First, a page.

This doesn’t just go for stuff inside, either. Use your imagination (and your power tools) outside to make things instead of spending big bucks on them at a big box store.
If you are growing a garden or happen to find a really good deal on produce at the farmer’s market, you can put up a bulk of fresh fruits and veggies to enjoy year round. Get yourself a canning set and some mason jars and you can store just about any kind of food. You can even can meat (which I wasn’t actually aware of until a few months ago).
If you’re not savvy to the taste of canned meat, use a food dehydrator to make it into jerky. You can also dehydrate fruits and veggies and vacuum seal them in plastic bags (or mason jars). If you have a bug-out bag (go bag, 72 hour kit, etc) you could create little snack packs of dehydrated fruits for your emergency gear.
Of course everybody has food in their freezer. Buy food in bulk to save money, then use your vacuum sealer (or just some zip top bags) to separate everything to be stored as meal-sized portions. We regularly buy bulk meat package deals from a local butcher and separate it out into 1 pound portions.
You Might Be a Homesteader If…
So as I said to begin with, I asked my Facebook fans to fill in the blank, and I got some really great responses. In fact, this post used to be called “You Might Be a Homesteader If…” but I decided to add onto the value of the responses by fully explaining what I think a homesteader truly is. Before I changed it, though, I had more responses in the comment section answering the question, too. Here are some of the responses:
If you save your bacon grease.
It’s always nice to know someone else saves their bacon grease. I use bacon grease to season dishes, sautee veggies in for soups and stews, and soon, I have even made candles with bacon grease (post on that yet to come). My mom had a container kind of like this that strains the fat always. Her container always sat on the kitchen counter next to the stove. Myself, I just reuse glass jars to hold the grease. I strain it through a mesh strainer lined with a paper coffee filter into a Pyrex measuring cup, then pour it into the jar. I also keep my grease in the fridge so it lasts longer.
If you choose to live off the land rather than the system.
Wow! What a powerful statement. That pretty much sums up the “homesteader spirit” if you ask me. That’s great in ideal situations. I would much rather live off the land and be totally self-reliant.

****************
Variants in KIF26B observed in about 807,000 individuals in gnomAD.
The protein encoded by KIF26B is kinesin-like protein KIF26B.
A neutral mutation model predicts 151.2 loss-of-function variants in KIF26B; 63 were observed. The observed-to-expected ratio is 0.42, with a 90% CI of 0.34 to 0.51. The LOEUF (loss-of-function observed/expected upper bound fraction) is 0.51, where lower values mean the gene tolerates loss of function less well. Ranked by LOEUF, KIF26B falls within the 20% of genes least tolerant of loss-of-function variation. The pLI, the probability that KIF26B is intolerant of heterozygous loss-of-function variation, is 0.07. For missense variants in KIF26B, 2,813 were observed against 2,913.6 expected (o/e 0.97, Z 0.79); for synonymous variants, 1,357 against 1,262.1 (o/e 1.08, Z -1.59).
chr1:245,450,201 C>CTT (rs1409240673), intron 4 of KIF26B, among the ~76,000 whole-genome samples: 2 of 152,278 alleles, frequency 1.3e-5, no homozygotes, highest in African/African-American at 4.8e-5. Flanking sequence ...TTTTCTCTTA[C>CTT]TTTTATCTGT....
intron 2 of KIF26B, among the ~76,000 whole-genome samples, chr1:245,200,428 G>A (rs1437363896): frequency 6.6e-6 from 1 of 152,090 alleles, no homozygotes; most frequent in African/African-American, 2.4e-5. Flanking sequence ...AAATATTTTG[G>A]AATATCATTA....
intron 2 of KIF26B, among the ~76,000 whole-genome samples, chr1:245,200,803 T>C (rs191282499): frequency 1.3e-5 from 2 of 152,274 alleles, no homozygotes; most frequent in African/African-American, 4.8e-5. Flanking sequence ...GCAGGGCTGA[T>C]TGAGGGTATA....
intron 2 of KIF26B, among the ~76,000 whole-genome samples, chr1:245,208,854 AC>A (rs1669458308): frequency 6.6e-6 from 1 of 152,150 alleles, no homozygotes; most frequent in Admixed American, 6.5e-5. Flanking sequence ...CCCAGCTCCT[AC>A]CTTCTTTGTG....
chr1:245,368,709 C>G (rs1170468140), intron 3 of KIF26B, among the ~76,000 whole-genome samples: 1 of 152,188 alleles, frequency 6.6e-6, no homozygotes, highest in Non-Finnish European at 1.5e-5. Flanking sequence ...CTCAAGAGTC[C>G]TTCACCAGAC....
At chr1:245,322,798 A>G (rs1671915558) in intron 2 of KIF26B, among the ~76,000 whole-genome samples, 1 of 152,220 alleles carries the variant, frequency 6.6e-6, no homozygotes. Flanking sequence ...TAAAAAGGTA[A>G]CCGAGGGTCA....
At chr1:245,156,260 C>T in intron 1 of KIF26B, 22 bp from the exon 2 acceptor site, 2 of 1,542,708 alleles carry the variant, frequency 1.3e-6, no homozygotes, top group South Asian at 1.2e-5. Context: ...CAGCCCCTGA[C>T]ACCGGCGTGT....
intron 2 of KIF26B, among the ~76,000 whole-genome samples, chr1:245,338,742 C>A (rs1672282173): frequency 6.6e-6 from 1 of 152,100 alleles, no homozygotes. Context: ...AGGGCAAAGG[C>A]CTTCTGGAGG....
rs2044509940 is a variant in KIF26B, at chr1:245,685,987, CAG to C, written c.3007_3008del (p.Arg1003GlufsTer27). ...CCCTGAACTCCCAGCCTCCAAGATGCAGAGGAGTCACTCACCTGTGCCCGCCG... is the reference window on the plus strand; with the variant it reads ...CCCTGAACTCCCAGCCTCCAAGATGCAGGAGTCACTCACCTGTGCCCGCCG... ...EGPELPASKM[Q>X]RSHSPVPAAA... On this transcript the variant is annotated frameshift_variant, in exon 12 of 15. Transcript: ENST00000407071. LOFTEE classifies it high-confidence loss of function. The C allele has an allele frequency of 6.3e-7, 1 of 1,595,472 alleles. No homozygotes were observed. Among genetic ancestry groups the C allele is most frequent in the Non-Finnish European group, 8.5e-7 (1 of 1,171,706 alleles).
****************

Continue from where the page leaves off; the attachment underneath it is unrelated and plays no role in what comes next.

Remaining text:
You never get a day off.
That sounds about right. You are always busy doing something as a homesteader, especially if you have animals and gardens. Weeding, tilling, sowing, harvesting, feeding, clipping, cleaning — there is always something to do. But that’s part of the fun, right? Knowing that you’re doing everything yourself and not relying on others to do it for you. It is very tiring, but just as gratifying, I think.
You have transported goats in your car.
Small animal hauling trailers are available, but if you can’t afford one yet, this would be the next best thing. Having animals in your car does not sound like a very appealing idea. However, if you need to bring your new animals home, using what you have to transport those animals shows great homesteader spirit!
At least one thing in your deep freeze or pantry comes from your garden.
Most homesteaders I know have a garden of some size. We do container gardening here, and I’m already planning a small scale aquaponic garden, as well. Those folks that grow so much food they cannot eat it before it goes bad usually save the remainder by canning or freezing. This means home grown food all year long in some cases. If you haven’t learned the basics of canning, dehydrating and freezing food yet, Food Preservation & Storage at Home is a great book to get you started.
Your pockets are empty.
This one really made me think. I know you can have empty pockets and not be a homesteader, but can you be a homesteader and not have empty pockets? If you grow enough produce, or your cows and goats produce enough milk, I would say yes, you can have money in your pocket. I don’t think most hardcore homesteaders care too much about money, though. As long as their bills are paid, they’re happy living off the land.
Some other good responses:
- …chickens think the doggy door is an easy access entryway for treats.
- …you regularly find pine shavings in your hair and chicken poop on your shoes.
- …you haul more feed and animals in your vehicles than people.
- …you make and grow far more than you buy.
- …your fingernails are more accustomed to dirt than nail polish.
- …there is a competition in your house for who gets the scraps (chickens, rabbits, pigs, or compost pile).
- …you never have more than you can use.
What do you think?
I would love to hear from you. What do you think a homesteader is? Go ahead and give me a good “You might be a homesteader if” line, too. I’ll probably add it to the list!